On Thursday night I cast what might be the most important vote of my life. On Friday morning, I awoke to find that Scotland had elected to remain in the UK by a narrow margin, with 55% of voters saying No to independence and 45% Yes. The ballot paper had one simple question: “Should Scotland be an independent country?” Yet so many people – on Facebook, Twitter, at the BBC – are saying Scots voted for the status quo or calling the vote “decisive” (a word I saw no fewer than three times in various BBC articles). Most No voters I know, however, have serious issues with the status quo. The 55% in favour of No should not be seen as evidence that the Union is flawless, but rather that nearly half of all Scots think the Union is so flawed that the only option is to cut our losses and throw ourselves headlong into the unknown. While I’m sure there are some No voters who think the Union is fine just as it is, most I’ve spoken with think there are issues to be resolved, but that Scotland is ultimately better off within the UK, or else find independence an attractive prospect, but with too many unknowns in these uncertain economic times. Indeed, I know people who were swithering even up to the point where they stood in the booth with a ballot in one hand, a pencil in the other.

Yes, I know how many of my friends and family voted on Thursday night, and that, I think, is the real legacy of this vote, regardless of whether or not Westminster delivers these promised powers for Scotland. The referendum got people talking earnestly about what we want for Scotland, about the kind of future we want to build for our country, and having respectful, civilised discourse with people we knew were voting the other way. It made us consider the kind of nation we want to be a part of, the things that are important to us as Scots, Brits and human beings and, somehow, in the most significant and irreversible vote of our lives, we were more willing to reveal our choice to others than with normal parliamentary elections, because others respected that. Just as significantly, 97% of Scots registered to vote, with something like 80% either submitting a postal vote or showing up on the day.

A common refrain, sadly, was the sentiment that people saw problems with the Union, but were unconvinced by independence, and wished both sides would stop with the idealism and fear-mongering and get at the facts. Indeed, most Scots found that we want broadly the same things for our country, we just couldn’t agree on how to do that. One significant issue was Scotland’s status in Europe. Most of us want to remain in the EU, but while Better Together people like David Cameron claimed we would struggle with re-applying to enter the EU, at the same time he was promising the UK a referendum on EU membership, and we were left, with little in the way of facts, to weigh up the risks between going independent and re-applying, or staying in the UK and risking the rise in UKIP popularity down south dragging us out of the EU. It was only in an article on the CBC website – ie, a Canadian broadcaster with no horse in the race – that I found that most non-partisan Scots law scholars agreed we’d probably get back into the EU, but perhaps with less favourable terms than we currently have as part of the UK. Straight and to the point, nothing like what I’ve seen from UK news sources, even the supposedly impartial BBC.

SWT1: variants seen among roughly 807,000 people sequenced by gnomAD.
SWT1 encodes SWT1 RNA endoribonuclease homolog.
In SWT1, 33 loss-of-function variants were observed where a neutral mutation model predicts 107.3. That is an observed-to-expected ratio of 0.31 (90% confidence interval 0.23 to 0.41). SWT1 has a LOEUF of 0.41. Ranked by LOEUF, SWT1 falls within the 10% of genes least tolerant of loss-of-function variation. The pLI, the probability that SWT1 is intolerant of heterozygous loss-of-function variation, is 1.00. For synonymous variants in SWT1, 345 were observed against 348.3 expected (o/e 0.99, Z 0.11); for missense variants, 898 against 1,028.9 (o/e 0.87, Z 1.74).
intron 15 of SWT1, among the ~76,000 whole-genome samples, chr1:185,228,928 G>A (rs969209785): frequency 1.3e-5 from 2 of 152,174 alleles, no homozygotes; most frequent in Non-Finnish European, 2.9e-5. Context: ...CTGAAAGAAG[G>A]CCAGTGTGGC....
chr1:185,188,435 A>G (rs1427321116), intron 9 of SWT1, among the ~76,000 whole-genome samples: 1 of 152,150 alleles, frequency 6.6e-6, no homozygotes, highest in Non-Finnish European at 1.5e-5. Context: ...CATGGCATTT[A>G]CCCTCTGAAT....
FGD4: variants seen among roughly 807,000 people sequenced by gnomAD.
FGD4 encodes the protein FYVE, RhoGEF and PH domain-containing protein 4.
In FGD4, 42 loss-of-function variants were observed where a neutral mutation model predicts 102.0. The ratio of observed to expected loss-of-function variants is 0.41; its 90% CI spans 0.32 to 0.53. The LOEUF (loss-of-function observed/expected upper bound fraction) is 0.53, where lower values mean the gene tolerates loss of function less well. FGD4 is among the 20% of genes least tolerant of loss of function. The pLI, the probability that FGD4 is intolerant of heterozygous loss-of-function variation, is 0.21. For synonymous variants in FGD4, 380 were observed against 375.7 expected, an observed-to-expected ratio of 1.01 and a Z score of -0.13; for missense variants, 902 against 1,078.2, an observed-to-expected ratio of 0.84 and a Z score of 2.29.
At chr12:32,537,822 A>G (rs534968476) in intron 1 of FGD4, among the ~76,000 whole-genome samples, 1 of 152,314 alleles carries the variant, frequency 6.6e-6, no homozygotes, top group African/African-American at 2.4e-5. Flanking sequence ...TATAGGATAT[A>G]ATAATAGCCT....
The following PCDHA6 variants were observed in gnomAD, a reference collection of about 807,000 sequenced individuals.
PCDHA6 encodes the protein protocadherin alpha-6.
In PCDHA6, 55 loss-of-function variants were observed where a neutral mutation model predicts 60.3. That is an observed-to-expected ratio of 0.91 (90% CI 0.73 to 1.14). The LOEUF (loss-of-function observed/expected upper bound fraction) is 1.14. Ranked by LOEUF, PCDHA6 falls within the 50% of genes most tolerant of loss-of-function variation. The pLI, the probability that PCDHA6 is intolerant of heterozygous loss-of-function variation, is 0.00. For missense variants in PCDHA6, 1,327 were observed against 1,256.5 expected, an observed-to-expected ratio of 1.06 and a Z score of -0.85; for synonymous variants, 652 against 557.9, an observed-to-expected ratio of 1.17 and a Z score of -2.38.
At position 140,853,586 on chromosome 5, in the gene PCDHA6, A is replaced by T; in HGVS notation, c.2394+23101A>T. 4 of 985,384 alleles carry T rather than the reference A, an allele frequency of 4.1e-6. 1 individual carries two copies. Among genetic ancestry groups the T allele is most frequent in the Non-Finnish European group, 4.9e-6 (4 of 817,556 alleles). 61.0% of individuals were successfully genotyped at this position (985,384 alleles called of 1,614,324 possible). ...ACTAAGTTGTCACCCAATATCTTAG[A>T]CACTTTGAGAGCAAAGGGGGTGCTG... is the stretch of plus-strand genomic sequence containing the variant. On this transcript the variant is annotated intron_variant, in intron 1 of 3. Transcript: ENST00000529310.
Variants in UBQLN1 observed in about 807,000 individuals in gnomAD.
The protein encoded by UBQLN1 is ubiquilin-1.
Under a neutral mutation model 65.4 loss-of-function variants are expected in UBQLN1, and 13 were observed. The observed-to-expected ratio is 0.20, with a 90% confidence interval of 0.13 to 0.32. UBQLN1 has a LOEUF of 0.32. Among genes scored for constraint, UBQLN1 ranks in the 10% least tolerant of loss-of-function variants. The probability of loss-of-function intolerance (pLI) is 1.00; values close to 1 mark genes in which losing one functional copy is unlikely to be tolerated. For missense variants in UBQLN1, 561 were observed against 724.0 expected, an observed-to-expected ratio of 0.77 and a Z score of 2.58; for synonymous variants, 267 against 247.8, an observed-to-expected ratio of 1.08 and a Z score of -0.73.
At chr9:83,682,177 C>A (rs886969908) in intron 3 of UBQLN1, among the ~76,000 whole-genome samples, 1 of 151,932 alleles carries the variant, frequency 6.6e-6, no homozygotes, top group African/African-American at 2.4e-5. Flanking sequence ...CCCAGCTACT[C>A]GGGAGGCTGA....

Unfortunately, now that the vote has been cast and tallied up, I’m seeing much less of the civilised discourse and united front against lying politicians than I did before the vote. No supporters are posting their jubilation on Facebook, with thinly-veiled jabs at Yes campaigners (I’ve seen a lot of comments like “so proud Scotland voted No” – as though they’d be ashamed if we’d voted Yes – and “Yes voters need to accept that most Scots think the Union is just fine the way it is”). The general tone is dismissive and, honestly, feels like a step backwards.

Early on in the lead-up to the referendum, I did find that a lot of No supporters painted all Yes campaigners as racist, backwards nationalists, while a chunk of Yes voters certainly were racist, backwards nationalists (remember the abuse JK Rowling – a woman who has spent almost her entire adult life in Scotland, married a Scot, and raised three children here – got for daring to post her opinion?). As we drew closer to voting day, we learned that it was not so black and white and that there were good arguments for both sides and that, most importantly, we tended to want the same things and were just not sure the best way to get them; No voters tended to think that the economic security provided by being part of a larger country was safer, while Yes voters felt hobbled by Westminster having ultimate control over our public spending money, but both agreed on things like the sanctity of the NHS. Now that it’s over, all that respect between the two sides seems to have disappeared and once again Yes voters are seen as childish Braveheart nationalists at best and racists at worst.

I want our country – or, rather, our countries – to move forward from this together, to take what we learned in this referendum and use it to build the Scotland we want to see, to preserve NHS and education funding, to retain our place in the EU, and to secure our future for generations to come. We still have to live together (and with our neighbours in the rest of the UK 😉 ), and we can’t do that as long as we’re dismissing the opinions of nearly half the electorate.


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